Historical Society Highlights a Century of Change in Decatur County Education – The Post-Searchlight

Historical Society Highlights a Century of Change in Decatur County Education

Posted at 09:23 on Wednesday, September 14, 2022

The Decatur County Historical and Genealogical Society met at the Kirbo Center Monday night for their monthly meeting. The speaker for the evening was Suzi Bonifay, retired principal and assistant superintendent of the Decatur County school system. Its evening program, “Education IS History,” chronicled the history of schools in Decatur County over the past 100 years.

For starters, she featured photos for various schools and class photos from the Decatur County community over the decades, dating back to the early 1900s, as well as a teacher contract from the 1920s. Bonifay went on to listed the various legal developments in education over the last century.

“Compulsory attendance actually began in the mid-1850s, but it didn’t become law in Georgia until 1916,” she said. “I guess it’s because of the people who work on the farms. But the law has changed; Initially, when it came into effect, compulsory attendance was 8 to 14 years old. She is now only 6 to 16 years old.

Other changes included the change in transportation, from many students walking to school to students traveling by car or school bus.

Food was another major change. “After the Depression, many families struggled to put food on their tables, and certainly Decatur County families were no exception,” she said. “The National School Lunch Act, which created free, low-cost lunches for low-income families, came into effect in the mid-1940s…One thing that hasn’t changed is that while many children don’t like school meals, the reality is that hungry children don’t learn well.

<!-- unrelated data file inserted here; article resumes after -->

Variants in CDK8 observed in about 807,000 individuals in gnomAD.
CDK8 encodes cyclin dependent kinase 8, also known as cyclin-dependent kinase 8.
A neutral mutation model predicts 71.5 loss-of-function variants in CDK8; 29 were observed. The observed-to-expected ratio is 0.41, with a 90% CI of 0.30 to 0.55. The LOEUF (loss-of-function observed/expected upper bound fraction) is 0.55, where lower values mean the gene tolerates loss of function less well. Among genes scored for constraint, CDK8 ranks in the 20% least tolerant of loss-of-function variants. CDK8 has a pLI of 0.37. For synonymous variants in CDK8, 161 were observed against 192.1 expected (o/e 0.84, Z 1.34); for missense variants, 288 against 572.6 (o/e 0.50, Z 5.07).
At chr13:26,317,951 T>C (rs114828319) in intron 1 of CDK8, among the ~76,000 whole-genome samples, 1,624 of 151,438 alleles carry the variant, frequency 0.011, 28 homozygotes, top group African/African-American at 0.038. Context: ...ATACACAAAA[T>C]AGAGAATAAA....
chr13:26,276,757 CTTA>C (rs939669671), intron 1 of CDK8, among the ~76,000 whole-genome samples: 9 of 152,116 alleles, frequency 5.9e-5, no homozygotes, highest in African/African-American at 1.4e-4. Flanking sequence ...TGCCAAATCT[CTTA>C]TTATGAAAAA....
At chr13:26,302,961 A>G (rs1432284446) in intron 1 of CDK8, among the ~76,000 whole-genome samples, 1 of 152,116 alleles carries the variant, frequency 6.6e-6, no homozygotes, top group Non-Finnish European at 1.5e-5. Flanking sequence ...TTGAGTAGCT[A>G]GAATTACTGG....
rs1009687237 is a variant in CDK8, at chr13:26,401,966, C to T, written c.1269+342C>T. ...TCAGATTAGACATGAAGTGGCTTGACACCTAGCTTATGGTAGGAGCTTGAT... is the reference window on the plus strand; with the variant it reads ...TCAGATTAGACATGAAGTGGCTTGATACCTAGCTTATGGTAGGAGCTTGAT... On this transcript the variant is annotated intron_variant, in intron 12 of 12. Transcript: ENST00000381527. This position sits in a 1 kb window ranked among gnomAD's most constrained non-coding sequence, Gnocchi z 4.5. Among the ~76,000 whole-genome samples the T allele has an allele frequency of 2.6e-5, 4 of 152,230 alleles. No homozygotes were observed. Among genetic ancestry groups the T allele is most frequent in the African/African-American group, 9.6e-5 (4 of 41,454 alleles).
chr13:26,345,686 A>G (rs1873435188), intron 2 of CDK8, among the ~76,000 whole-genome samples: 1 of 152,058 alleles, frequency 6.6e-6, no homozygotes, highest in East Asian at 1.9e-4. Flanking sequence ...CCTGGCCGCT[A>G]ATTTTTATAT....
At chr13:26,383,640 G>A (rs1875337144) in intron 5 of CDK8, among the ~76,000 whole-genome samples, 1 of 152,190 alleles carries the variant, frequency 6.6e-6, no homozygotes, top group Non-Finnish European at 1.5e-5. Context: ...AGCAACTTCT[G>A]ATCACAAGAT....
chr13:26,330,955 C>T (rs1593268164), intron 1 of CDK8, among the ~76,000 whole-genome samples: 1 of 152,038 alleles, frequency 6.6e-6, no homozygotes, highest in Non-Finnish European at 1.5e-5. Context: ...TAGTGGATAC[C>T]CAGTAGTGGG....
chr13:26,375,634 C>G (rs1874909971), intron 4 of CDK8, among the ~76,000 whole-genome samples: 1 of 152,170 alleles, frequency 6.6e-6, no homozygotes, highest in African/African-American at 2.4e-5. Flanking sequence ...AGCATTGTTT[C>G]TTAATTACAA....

Other legislation discussed included desegregation, with the ordinance going into effect for Decatur County in 1967, although it took a few years for true desegregation to occur; Title IX was passed in 1972 and the Students with Disabilities Act in 1975. “I know when I was going to school, most kids with disabilities didn’t go to regular public schools,” Bonifay said.

Curriculum and instructional changes included the passage of Title I, the No Child Left Behind Act, and the introduction of Common Core, as well as the rise of homeschooling and charter schools.

After Bonifay wrapped up her program, Historical Society President Roslyn Palmer wrapped up the meeting with several business items, including a request for FOGG grant funding, an update on the museum’s ceiling leak, and a update on upcoming Decatur County Bicentennial festivities. The next Bicentenary meeting is scheduled for Tuesday, September 27 at 5:30 p.m.

The Historical Society will also not be hosting a dinner-meeting in November, but will instead host a reception from 5:30-7:30 p.m. at the museum on November 14.